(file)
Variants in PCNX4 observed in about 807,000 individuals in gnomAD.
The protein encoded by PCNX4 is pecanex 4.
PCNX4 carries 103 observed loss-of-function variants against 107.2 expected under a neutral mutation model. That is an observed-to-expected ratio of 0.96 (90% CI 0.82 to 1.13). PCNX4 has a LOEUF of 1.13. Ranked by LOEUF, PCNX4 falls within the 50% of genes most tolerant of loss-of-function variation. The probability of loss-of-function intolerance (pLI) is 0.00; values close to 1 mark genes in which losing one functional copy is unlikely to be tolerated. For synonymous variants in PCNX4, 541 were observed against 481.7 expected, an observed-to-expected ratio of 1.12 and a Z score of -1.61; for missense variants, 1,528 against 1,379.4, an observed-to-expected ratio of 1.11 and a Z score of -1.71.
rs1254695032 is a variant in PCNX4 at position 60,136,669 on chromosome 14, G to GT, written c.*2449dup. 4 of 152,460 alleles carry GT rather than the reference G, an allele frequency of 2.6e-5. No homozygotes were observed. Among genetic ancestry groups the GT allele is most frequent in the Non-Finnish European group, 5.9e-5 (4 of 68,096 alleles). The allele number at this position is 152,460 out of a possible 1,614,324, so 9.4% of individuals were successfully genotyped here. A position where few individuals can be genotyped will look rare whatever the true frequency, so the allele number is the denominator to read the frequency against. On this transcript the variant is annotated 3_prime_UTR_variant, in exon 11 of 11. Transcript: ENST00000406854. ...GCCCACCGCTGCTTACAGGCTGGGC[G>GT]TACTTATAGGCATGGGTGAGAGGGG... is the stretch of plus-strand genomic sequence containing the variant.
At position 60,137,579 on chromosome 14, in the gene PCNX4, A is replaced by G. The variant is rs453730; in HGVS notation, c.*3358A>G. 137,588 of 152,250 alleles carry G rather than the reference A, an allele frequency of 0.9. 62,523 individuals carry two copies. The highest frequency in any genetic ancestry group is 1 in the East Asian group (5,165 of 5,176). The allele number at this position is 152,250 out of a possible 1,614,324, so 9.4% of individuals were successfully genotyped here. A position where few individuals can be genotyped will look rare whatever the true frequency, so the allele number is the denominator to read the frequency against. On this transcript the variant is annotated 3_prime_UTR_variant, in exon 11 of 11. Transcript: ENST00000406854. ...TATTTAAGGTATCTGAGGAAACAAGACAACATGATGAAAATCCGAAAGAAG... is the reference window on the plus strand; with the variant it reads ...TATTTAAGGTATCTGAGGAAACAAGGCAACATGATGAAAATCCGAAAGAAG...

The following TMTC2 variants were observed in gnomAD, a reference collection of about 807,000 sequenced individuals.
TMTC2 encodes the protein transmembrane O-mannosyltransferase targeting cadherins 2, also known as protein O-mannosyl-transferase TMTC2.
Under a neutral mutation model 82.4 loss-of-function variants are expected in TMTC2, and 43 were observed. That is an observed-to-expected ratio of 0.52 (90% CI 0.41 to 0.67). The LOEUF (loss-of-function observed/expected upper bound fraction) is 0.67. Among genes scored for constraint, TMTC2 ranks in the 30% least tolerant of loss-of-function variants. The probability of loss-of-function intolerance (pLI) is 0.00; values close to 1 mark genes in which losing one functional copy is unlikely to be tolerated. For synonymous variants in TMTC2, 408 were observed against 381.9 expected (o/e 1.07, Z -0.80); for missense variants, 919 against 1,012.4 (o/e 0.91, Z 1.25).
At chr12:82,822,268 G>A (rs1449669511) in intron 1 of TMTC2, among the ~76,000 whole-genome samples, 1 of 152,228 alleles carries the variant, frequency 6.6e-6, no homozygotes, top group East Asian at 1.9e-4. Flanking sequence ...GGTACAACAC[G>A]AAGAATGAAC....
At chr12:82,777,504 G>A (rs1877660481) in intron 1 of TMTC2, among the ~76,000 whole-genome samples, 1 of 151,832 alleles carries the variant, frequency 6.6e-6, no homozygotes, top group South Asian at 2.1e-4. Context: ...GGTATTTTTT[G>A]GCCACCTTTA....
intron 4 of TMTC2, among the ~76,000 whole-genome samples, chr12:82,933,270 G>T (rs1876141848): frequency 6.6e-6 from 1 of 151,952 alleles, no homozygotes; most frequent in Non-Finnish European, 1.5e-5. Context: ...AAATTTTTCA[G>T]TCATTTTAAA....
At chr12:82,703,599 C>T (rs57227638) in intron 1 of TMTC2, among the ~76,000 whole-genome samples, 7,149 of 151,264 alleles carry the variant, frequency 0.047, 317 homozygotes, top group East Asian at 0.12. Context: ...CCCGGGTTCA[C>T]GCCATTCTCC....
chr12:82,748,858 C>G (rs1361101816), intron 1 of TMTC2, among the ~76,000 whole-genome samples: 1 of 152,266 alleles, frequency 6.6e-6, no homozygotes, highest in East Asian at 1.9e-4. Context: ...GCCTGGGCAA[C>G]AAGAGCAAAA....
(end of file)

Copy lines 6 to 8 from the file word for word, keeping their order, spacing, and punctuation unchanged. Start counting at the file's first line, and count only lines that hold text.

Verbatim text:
The following TMTC2 variants were observed in gnomAD, a reference collection of about 807,000 sequenced individuals.
TMTC2 encodes the protein transmembrane O-mannosyltransferase targeting cadherins 2, also known as protein O-mannosyl-transferase TMTC2.
Under a neutral mutation model 82.4 loss-of-function variants are expected in TMTC2, and 43 were observed. That is an observed-to-expected ratio of 0.52 (90% CI 0.41 to 0.67). The LOEUF (loss-of-function observed/expected upper bound fraction) is 0.67. Among genes scored for constraint, TMTC2 ranks in the 30% least tolerant of loss-of-function variants. The probability of loss-of-function intolerance (pLI) is 0.00; values close to 1 mark genes in which losing one functional copy is unlikely to be tolerated. For synonymous variants in TMTC2, 408 were observed against 381.9 expected (o/e 1.07, Z -0.80); for missense variants, 919 against 1,012.4 (o/e 0.91, Z 1.25).